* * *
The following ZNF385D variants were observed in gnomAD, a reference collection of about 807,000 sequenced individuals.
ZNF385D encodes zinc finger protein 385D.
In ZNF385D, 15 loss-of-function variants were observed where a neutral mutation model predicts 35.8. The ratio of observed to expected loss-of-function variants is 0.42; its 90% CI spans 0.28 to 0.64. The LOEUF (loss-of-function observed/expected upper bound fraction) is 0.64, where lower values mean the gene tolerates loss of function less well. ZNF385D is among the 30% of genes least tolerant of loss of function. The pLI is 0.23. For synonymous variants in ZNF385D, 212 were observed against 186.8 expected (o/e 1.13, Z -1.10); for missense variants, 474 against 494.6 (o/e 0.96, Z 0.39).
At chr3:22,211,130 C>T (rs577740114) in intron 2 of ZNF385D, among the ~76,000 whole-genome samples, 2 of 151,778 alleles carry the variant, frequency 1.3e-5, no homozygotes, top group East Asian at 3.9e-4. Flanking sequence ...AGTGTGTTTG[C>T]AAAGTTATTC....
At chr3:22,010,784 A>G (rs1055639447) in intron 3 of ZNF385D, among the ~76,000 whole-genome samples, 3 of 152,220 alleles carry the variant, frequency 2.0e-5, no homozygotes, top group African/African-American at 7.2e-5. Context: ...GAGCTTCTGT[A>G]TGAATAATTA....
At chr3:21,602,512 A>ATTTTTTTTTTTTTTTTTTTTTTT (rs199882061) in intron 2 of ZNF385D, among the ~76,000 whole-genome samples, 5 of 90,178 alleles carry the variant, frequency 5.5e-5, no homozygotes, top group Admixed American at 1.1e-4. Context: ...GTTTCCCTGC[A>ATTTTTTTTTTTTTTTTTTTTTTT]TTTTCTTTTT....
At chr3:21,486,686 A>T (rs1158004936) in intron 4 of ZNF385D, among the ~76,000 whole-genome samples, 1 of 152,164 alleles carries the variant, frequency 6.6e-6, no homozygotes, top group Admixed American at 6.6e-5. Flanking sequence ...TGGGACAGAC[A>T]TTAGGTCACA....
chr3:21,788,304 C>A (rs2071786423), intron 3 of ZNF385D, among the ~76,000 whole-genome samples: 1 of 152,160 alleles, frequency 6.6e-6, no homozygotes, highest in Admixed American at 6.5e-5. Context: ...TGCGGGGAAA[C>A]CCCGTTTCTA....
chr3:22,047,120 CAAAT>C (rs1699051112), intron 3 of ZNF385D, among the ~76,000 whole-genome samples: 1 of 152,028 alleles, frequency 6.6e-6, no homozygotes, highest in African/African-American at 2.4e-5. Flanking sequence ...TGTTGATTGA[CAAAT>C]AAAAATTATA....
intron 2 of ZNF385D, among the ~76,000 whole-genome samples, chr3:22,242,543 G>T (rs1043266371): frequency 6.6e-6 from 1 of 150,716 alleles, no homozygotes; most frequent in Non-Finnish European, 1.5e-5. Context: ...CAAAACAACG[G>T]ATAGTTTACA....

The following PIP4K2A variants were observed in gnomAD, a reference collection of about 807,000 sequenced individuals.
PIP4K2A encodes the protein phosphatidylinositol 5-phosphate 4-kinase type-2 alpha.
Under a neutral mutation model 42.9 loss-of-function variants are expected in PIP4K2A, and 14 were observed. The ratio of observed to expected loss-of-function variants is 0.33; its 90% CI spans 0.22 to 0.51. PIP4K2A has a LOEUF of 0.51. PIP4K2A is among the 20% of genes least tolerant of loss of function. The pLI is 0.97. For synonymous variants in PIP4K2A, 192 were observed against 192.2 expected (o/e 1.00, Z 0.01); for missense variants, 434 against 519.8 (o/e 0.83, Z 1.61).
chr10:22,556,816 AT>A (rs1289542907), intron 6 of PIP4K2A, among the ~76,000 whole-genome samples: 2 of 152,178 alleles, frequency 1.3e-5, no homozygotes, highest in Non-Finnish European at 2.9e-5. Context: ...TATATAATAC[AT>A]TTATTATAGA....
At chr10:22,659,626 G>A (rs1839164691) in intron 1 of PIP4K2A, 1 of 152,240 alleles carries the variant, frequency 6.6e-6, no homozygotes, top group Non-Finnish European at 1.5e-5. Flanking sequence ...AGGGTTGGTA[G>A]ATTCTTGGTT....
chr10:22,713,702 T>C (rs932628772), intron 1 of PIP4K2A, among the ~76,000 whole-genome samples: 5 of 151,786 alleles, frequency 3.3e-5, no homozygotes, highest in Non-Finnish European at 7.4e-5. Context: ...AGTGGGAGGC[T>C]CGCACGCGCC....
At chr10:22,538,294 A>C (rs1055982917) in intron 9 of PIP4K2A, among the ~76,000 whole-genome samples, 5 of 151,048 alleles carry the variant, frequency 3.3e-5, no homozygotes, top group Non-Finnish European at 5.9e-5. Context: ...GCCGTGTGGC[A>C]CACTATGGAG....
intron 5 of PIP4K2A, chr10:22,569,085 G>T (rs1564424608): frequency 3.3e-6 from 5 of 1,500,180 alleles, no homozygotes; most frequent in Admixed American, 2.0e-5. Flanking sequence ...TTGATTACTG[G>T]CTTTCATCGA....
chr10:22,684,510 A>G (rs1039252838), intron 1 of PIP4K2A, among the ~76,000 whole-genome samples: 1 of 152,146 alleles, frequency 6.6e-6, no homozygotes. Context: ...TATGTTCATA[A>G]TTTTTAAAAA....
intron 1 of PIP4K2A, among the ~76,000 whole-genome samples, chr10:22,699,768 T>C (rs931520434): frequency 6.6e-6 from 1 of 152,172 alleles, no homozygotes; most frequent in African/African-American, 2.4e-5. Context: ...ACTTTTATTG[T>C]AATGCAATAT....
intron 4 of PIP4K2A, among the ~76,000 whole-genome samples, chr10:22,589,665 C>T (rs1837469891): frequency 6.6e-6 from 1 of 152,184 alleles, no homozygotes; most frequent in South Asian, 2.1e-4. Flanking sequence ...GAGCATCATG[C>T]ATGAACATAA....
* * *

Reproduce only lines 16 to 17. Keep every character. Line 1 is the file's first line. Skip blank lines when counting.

chr10:22,713,702 T>C (rs932628772), intron 1 of PIP4K2A, among the ~76,000 whole-genome samples: 5 of 151,786 alleles, frequency 3.3e-5, no homozygotes, highest in Non-Finnish European at 7.4e-5. Context: ...AGTGGGAGGC[T>C]CGCACGCGCC....
At chr10:22,538,294 A>C (rs1055982917) in intron 9 of PIP4K2A, among the ~76,000 whole-genome samples, 5 of 151,048 alleles carry the variant, frequency 3.3e-5, no homozygotes, top group Non-Finnish European at 5.9e-5. Context: ...GCCGTGTGGC[A>C]CACTATGGAG....